Trees and development

Trees provide a range of economic, social, environmental and public health benefits yet canopy cover across the City is declining.

A majority of the canopy loss occurring is the result of development on private land. To reduce these losses and increase the planting of new trees to replace what is being lost, a number of requirements have been introduced to ensure that trees are considered during development. 

Private trees

Retention or planting of trees on private land is required

Developments valued at $100,000 or above are now required to

  • Retain 1 significant existing tree for each 500m2 of land or
  • Plant 1 new advanced tree for each 500m2 of land where no significant trees exist.

These requirements came into effect in October 2017 through Local Planning Policy 6.11 - Trees and Development and Local Planning Scheme Amendment 9. 

Planting of new trees in car parks is required

Local Planning Policy 6.6 Lanscaping requires a minimum of 1 tree for each 6 car bays to be planted in new car parks.

Assistance for developers is available

Free consultations with a qualified arborist are available for landowners who wish to retain an existing significant tree on their development site.

Advice can be provided on:

  • The trees age, health and Helliwell value
  • The location of the trees’ root system and what level of encroachment is possible without adverse effects
  • Materials and construction methods which can be used in the root zone to achieve your desired outcome while preserving the trees health 
  • Site management during development to protect the tree and prevent damage and stress.
Ready to complete an Arborist Assistance Request Form?
Click here

Street trees

Street trees contribute to the visual amenity of streets, provide shade and cooling for homes and footpaths, and provide food and habitat for wildlife. Street trees are the property of the City of Stirling and must be protected during development on adjacent private land.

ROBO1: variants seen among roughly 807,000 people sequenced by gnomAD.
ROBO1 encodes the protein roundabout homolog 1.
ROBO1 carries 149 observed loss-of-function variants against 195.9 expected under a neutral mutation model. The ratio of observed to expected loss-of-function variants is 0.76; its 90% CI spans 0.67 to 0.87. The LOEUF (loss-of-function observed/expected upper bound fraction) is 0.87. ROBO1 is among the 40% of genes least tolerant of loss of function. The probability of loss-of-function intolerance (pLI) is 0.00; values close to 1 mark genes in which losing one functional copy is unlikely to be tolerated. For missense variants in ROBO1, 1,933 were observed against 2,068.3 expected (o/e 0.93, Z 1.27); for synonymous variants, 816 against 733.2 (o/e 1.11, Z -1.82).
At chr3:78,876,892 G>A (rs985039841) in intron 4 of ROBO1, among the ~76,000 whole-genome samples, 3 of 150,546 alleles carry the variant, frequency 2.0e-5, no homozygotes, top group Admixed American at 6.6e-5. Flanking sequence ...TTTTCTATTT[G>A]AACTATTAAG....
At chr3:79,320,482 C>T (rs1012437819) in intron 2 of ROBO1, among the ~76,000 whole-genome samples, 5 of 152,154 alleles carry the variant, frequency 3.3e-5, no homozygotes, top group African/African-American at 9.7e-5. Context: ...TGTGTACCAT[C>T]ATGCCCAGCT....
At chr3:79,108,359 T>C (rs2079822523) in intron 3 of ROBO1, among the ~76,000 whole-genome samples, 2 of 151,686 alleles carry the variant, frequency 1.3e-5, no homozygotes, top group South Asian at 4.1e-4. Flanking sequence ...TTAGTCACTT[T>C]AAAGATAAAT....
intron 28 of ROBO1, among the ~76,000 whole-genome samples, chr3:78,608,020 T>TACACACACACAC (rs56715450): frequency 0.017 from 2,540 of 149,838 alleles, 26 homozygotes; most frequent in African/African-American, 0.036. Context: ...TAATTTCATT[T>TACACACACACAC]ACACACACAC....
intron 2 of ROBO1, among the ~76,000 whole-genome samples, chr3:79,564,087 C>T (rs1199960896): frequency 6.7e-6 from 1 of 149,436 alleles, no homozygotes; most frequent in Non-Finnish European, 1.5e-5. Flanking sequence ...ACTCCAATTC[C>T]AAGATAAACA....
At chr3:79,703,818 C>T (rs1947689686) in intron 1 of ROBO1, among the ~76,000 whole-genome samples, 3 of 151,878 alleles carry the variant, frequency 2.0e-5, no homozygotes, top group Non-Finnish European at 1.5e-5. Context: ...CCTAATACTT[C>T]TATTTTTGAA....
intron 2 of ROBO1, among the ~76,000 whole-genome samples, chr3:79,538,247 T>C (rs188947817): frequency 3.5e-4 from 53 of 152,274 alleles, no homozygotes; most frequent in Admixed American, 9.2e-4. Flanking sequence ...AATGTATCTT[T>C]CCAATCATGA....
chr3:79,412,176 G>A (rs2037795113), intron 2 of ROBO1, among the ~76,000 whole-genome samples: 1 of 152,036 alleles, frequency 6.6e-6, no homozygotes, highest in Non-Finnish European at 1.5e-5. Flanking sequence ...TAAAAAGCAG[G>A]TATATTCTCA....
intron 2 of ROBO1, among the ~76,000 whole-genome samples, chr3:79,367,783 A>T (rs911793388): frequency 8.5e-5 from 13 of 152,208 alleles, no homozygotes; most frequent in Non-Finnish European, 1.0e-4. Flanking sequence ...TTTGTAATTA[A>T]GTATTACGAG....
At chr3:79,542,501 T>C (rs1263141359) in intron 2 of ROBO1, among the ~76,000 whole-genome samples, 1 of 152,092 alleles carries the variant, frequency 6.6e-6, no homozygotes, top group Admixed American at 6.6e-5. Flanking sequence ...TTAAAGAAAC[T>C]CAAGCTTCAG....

Developments and crossovers must be planned around existing street trees

Street trees will not be removed to allow development on private land. New developments should be planned so that driveways and crossovers do not conflict with street trees and the required setbacks are achieved. Setbacks are based upon tree trunk diameter and are required so that sufficient space is available for future tree growth and to prevent damage to driveways by tree roots.

For more information, visit the crossover page.

Subdivision must be planned around street trees

Street trees will not be removed to allow development on private land. The location and width of driveways on subdivided land will be impacted by existing street trees. Subdivision plans should consider how future homes can be developed and crossovers located while achieving required setbacks from existing street trees.

For more informatoin, visit the crossover page.

Street trees must be protected from damage during development

A physical barrier or Tree Protection Zone must be installed around street trees to protect them from accidental or deliberate damage during construction and development on adjacent private land.

For more information, view the Reserve and Street Tree Policy.

Tree bonds are held to prevent damage during development

Bond values are based upon the trees Helliwell value. Bonds may be forfeit if street trees are damaged or die as a result of development.

For more information, view the Reserve and Street Tree Policy.

Pruning to enable access during development

In some circumstances street tree pruning may be required to allow large vehicles to access development sites. Pruning of street trees by residents, builders or any private individual is forbidden: please contact the City of Stirling to request tree pruning. 

Street trees for new developments

Where no street tree currently exits and the adjacent private property is developed, the City will plant one or more new street trees on the verge. Tree planting is a condition of Development Approval and fees apply. 

Document nameDownloadable files
6.11 Trees and Development Policy231.4KB (PDF)
6.11 Trees and Development Guidelines293.2KB (PDF)